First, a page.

The following commentary corresponds to the following video from 45:46 to 54:13
This section includes the standard fare of man centered moralisms, absence of God's Sovereignty, self promotion, self serving use of bad Bible translations, and your stock standard Rick Warren Scripture twisting. Most of these things have been covered ad infinitum in this series but I thought Daniel Neades had some helpful insights into Rick Warren's "dream theology". How ironic that Warren would choose to close out this nightmare of a message with his self-invented dream theology.
This aricle courtesy of Daniel Neades from the Apprising Ministries website.
Much of modern evangelicalism seems to be fixated upon the idea that we can only progress as individual Christians and the church if we are pursing a dream or vision. This tendency is epitomized in these two claims by Rick Warren:
Nothing happens till somebody starts dreaming. What we need today are great dreamers.
Now, where exactly does the Bible teach any of this? Ah, I see we are helpfully given two Scriptures. Let’s look at those.
Where there is no vision, the people perish. (Proverbs 29:8)
Actually, that’s Proverbs 29:18, not 29:8. But, no matter. It’s easy to make a harmless mistake like that. But there’s another, more serious, problem. Proverbs 29:18 does not teach that ‘what we need today are great dreamers’. Here’s a more accurate translation, with the second half of the verse included:
Where there is no revelation, the people cast off restraint; But happy is he who keeps the law.’ (Proverbs 29:18, NKJV)
That’s better. It is now plain that this verse talks neither about our dreams and hopes for the future, nor of some leader’s ‘vision’ for a better tomorrow. No. Rather, it refers to prophetic revelation from God. And specifically, as is made clear by the second half of the verse, it is referring to the revelation of God’s Law (torah), which of course we have in the Scriptures by the prophets. Here’s a tiny snippet about this verse from a reputable commentary:
[Janzen] adds: “The conviction in Prov. 29:18a semantically and syntactically parallels that in Prov. 11:14a, ‘Where there is no guidance (tahbūlôt), a people falls.’ There can be no doubt that tahbūlôt refers to the guiding power of wisdom received from God (cp. Prov. 1:1–7), and as such is generically synonymous with tôrâ (“teaching”). Anyone capable of holding the conviction expressed in xi 14a is capable of holding that ‘where there is no vision the people fall into anarchy.’ ” In sum, hāzôn [‘revelation’] refers here to the sage’s inspired revelation of wisdom. (Waltke, B. K. (2005). The Book of Proverbs. Chapters 15-31. The New International Commentary on the Old Testament p. 446).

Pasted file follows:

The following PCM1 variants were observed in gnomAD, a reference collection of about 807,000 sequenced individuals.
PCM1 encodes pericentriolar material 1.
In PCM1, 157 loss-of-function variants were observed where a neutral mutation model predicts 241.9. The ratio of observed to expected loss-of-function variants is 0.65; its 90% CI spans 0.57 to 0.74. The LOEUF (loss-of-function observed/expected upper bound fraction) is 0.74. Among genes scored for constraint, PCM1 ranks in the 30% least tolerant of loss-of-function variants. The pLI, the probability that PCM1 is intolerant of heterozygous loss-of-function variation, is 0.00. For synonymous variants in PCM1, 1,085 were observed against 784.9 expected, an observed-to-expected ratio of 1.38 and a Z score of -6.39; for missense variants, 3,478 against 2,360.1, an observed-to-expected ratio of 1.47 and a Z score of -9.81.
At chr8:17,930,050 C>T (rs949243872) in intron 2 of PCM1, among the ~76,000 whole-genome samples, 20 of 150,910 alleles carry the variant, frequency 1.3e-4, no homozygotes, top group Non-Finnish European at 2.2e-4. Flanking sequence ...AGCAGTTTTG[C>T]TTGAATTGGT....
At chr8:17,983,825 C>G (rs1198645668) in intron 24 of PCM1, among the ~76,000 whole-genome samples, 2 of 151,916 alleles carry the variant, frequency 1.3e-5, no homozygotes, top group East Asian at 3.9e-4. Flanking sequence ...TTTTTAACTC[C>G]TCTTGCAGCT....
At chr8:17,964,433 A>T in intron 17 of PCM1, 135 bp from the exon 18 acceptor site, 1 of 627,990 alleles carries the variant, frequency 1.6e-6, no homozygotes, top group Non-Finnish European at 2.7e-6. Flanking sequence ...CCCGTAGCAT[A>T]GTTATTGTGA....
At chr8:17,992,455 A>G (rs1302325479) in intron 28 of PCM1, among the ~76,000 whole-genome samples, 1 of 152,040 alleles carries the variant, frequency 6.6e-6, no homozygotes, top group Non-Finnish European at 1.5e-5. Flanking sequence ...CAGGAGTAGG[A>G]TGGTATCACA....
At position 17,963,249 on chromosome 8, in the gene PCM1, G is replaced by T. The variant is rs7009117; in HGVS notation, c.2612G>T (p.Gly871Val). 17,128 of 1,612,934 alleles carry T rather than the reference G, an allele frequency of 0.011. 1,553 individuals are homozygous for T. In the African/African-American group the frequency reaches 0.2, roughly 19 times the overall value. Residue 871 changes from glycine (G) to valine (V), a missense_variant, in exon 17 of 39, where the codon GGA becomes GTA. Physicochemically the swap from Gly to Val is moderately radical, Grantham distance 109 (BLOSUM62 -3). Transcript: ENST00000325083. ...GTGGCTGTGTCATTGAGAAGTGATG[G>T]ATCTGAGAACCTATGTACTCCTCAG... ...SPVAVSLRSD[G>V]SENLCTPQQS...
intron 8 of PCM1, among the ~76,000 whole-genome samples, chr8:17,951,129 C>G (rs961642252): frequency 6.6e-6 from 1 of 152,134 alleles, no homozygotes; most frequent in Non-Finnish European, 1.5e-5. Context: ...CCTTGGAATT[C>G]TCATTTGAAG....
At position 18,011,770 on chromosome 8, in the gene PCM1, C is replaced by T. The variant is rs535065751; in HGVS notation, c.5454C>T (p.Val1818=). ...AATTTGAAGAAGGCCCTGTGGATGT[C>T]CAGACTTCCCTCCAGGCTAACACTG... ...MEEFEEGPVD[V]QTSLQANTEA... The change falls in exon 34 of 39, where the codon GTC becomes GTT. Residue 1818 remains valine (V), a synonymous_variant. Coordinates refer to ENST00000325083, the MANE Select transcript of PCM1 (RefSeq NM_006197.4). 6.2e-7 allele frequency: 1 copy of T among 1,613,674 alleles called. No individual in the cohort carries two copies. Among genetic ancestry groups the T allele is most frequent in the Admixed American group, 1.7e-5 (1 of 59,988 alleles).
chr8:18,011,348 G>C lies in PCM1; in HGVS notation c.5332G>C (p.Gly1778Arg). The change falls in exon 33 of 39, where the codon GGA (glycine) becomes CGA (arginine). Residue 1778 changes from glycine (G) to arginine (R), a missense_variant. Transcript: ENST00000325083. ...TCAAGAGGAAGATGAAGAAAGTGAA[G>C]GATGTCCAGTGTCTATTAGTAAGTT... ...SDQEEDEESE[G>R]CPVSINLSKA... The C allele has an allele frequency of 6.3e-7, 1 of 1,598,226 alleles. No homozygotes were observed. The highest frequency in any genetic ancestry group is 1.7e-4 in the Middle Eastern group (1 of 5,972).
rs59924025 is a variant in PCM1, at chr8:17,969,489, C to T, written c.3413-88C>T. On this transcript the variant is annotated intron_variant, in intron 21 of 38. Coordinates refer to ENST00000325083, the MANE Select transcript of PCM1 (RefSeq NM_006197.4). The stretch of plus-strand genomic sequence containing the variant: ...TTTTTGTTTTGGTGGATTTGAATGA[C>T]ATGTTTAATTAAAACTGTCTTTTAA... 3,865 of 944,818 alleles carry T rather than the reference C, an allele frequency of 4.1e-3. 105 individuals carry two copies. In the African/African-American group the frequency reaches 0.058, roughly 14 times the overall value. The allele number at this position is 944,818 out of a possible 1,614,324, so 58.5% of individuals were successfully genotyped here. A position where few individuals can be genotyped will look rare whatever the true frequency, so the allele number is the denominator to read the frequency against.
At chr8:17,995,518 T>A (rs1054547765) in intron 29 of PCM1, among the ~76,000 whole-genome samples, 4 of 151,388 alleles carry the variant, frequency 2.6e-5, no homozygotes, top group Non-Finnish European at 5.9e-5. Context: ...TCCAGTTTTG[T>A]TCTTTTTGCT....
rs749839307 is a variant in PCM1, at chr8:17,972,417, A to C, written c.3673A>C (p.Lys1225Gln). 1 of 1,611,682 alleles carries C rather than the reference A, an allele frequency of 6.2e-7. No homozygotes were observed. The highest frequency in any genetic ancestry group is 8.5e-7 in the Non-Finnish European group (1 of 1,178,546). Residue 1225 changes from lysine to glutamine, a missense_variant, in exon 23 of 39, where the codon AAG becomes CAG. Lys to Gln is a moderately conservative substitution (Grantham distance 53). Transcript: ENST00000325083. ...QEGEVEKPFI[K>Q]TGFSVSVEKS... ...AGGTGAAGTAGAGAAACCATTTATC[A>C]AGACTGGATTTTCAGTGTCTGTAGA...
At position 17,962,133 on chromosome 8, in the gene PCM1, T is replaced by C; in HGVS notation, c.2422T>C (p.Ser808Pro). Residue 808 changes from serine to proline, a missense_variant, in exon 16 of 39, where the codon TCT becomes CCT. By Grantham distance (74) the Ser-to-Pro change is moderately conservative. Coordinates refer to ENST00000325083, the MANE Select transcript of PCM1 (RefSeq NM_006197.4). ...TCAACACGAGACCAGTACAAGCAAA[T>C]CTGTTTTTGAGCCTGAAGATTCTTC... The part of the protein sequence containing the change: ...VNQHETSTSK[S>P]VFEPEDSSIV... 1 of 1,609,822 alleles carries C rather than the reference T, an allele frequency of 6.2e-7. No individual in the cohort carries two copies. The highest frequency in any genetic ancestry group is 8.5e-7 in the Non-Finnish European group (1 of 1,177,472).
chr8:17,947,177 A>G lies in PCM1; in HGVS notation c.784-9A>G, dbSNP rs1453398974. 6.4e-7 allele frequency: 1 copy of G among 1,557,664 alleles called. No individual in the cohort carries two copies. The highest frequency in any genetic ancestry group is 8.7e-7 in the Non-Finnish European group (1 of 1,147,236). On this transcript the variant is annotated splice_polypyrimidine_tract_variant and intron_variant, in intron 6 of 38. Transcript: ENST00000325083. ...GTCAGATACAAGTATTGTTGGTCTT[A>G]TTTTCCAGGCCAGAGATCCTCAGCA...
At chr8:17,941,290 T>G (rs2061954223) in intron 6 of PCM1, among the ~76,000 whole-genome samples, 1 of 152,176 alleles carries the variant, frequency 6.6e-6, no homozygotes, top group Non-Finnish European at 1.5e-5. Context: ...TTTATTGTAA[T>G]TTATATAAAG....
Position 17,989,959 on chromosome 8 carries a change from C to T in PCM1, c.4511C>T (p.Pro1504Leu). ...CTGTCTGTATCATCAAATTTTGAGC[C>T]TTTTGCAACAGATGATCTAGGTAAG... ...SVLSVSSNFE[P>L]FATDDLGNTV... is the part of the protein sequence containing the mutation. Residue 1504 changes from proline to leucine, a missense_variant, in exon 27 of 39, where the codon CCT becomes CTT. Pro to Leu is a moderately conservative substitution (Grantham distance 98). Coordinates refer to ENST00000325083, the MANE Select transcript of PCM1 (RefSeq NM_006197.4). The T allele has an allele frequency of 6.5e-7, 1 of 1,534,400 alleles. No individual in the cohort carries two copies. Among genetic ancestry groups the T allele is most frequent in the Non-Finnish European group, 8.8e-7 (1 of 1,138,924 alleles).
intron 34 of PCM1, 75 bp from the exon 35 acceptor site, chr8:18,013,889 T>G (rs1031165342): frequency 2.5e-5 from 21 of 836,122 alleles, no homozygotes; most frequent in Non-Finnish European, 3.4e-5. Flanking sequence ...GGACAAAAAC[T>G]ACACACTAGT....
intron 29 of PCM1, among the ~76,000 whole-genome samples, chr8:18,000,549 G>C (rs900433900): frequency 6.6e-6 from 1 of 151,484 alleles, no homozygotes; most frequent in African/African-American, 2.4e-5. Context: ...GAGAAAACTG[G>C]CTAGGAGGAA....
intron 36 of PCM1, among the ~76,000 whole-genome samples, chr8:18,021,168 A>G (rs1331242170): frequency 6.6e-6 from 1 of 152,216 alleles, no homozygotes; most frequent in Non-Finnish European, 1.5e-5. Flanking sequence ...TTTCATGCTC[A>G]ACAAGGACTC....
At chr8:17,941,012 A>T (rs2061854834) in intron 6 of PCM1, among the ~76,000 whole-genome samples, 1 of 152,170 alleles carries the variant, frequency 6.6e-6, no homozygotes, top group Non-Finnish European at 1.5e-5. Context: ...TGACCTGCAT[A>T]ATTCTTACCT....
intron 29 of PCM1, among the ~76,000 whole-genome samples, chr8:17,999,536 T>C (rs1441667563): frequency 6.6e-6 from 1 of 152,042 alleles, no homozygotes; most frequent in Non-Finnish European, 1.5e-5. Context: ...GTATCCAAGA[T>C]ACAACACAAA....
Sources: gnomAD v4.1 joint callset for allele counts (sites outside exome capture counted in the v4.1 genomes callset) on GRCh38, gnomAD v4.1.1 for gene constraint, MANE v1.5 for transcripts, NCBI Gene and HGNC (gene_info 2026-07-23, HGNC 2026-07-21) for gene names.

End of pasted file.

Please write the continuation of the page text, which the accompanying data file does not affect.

What Proverbs 29:18 says about this revealed Law is that, without it, people will ‘run wild’ (as HALOT succinctly puts it). In other words, this verse teaches us that God’s Law acts as a curb on the base instincts and desires of our sinful nature. This understanding is exactly in keeping with orthodox Christian doctrine, and is what Lutherans call the ‘first use of the Law’:
…the Law was given to men for three reasons:
First, that thereby outward discipline might be maintained against wild, disobedient men [and that wild and intractable men might be restrained, as though by certain bars]; secondly, that men thereby may be led to the knowledge of their sins;
thirdly, that after they are regenerate and [much of] the flesh notwithstanding cleaves to them, they might on this account have a fixed rule according to which they are to regulate and direct their whole life… (Epitome of the Formula of Concord, Article VI
Proverbs 29:18 thus has nothing to do with letting ‘God stretch your imagination’, or our need for ‘great dreamers’, but rather with one beneficial use of the revelation given by God through His prophets.
Thanks for that Daniel. Tim Challies says that Rick Warren is an abuser of Scripture and here is one classic example out of a very long and growing list.
More to come . . .
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